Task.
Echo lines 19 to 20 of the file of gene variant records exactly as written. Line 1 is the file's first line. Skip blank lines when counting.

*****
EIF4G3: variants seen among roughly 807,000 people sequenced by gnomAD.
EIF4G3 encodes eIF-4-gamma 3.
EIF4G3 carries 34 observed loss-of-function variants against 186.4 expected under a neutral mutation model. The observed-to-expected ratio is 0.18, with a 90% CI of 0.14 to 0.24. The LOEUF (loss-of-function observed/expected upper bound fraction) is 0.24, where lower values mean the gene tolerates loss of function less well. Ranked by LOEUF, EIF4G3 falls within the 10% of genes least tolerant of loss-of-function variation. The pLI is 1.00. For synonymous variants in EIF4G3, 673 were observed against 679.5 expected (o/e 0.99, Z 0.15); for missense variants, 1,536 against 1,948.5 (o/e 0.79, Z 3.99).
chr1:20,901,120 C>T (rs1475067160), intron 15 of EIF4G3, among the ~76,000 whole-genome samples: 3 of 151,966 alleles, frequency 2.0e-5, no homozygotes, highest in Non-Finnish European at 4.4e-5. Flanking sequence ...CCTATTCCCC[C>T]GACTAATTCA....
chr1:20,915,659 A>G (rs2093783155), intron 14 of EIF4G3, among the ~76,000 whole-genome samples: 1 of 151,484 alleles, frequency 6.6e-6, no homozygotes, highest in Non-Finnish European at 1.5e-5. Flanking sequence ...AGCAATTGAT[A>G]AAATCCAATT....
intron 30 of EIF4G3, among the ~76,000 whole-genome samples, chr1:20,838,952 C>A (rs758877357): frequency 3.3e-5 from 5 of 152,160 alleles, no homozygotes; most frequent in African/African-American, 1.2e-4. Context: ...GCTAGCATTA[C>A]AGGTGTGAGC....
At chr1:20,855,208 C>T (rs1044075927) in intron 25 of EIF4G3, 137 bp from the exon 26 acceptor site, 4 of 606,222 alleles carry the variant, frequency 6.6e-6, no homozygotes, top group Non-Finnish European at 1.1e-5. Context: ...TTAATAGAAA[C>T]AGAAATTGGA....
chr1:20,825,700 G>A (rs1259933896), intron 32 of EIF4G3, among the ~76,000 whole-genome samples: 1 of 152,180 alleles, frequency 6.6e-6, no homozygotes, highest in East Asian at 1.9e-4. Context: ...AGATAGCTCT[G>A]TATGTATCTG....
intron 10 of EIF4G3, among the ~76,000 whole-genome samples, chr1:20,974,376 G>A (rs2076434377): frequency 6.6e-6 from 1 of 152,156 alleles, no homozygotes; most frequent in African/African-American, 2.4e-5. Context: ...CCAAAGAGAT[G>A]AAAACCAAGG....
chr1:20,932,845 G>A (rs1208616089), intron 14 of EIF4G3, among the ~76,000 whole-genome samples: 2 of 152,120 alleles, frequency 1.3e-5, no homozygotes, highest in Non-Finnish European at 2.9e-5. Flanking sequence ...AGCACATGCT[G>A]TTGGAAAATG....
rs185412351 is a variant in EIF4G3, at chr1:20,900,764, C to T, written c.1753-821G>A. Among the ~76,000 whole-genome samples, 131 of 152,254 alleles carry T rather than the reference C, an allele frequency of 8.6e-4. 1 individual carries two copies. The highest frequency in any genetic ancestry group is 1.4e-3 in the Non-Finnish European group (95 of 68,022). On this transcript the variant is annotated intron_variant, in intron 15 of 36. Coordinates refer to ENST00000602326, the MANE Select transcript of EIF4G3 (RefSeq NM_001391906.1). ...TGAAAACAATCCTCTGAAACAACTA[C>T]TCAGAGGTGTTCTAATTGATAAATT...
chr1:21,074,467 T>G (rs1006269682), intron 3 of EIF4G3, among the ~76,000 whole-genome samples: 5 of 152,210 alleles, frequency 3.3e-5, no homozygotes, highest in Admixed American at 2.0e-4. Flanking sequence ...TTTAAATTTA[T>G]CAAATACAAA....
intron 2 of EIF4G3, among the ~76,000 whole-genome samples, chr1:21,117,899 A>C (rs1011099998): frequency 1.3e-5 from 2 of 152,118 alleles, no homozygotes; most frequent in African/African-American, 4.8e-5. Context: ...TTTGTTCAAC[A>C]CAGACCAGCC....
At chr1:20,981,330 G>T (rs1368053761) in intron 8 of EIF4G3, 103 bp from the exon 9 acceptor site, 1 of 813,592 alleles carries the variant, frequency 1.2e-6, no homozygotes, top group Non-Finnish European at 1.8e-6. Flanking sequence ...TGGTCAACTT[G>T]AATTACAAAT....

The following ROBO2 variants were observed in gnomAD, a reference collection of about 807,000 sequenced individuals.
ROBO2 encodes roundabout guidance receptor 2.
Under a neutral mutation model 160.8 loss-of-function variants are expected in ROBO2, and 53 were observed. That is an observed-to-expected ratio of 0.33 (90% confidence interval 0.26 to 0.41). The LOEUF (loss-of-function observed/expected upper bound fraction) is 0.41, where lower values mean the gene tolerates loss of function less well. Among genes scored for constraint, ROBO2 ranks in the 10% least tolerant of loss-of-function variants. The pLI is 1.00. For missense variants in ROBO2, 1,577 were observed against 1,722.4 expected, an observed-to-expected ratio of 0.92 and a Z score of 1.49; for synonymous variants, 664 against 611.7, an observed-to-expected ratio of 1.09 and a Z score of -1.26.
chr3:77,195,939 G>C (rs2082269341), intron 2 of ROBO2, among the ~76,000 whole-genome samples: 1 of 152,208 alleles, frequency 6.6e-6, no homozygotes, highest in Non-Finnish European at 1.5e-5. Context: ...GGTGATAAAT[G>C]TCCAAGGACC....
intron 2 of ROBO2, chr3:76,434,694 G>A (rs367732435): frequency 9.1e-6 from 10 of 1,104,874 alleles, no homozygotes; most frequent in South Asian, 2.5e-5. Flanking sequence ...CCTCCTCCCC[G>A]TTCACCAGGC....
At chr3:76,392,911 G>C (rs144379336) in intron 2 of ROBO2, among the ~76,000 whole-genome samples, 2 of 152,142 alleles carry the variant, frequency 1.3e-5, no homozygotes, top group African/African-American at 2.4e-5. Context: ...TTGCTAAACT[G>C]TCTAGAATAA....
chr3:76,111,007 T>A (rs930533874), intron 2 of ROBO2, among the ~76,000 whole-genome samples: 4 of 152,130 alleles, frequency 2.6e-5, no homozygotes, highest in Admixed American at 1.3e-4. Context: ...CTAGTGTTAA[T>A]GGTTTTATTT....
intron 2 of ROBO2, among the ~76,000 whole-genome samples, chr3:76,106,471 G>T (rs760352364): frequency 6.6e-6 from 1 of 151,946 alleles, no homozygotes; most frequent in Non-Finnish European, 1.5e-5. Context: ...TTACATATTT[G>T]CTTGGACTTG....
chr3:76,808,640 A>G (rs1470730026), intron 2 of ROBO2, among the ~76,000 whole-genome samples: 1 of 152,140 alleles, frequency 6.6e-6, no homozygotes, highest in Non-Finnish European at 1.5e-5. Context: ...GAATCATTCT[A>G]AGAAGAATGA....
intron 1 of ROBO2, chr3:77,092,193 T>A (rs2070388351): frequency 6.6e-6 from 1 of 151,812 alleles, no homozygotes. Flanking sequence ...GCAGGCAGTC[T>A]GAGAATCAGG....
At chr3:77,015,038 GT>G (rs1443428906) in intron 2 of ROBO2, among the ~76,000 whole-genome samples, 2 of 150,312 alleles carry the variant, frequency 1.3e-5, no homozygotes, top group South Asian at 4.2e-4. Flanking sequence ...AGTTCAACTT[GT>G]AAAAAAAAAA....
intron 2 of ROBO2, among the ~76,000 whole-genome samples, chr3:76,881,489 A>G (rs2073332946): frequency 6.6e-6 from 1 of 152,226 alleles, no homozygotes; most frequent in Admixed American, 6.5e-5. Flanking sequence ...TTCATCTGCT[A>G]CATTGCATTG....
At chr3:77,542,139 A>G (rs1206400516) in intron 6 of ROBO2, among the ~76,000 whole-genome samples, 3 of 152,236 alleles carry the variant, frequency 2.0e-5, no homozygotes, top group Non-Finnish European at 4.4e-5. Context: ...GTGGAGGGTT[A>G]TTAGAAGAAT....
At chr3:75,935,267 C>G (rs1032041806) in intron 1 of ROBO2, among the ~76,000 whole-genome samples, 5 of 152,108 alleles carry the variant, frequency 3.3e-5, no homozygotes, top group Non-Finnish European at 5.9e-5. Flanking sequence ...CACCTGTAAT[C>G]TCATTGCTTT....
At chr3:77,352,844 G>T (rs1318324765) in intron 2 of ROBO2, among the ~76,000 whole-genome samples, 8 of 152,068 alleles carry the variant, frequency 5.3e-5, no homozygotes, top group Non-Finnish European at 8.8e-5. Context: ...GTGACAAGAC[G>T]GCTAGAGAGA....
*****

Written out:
intron 2 of ROBO2, chr3:76,434,694 G>A (rs367732435): frequency 9.1e-6 from 10 of 1,104,874 alleles, no homozygotes; most frequent in South Asian, 2.5e-5. Flanking sequence ...CCTCCTCCCC[G>A]TTCACCAGGC....
At chr3:76,392,911 G>C (rs144379336) in intron 2 of ROBO2, among the ~76,000 whole-genome samples, 2 of 152,142 alleles carry the variant, frequency 1.3e-5, no homozygotes, top group African/African-American at 2.4e-5. Context: ...TTGCTAAACT[G>C]TCTAGAATAA....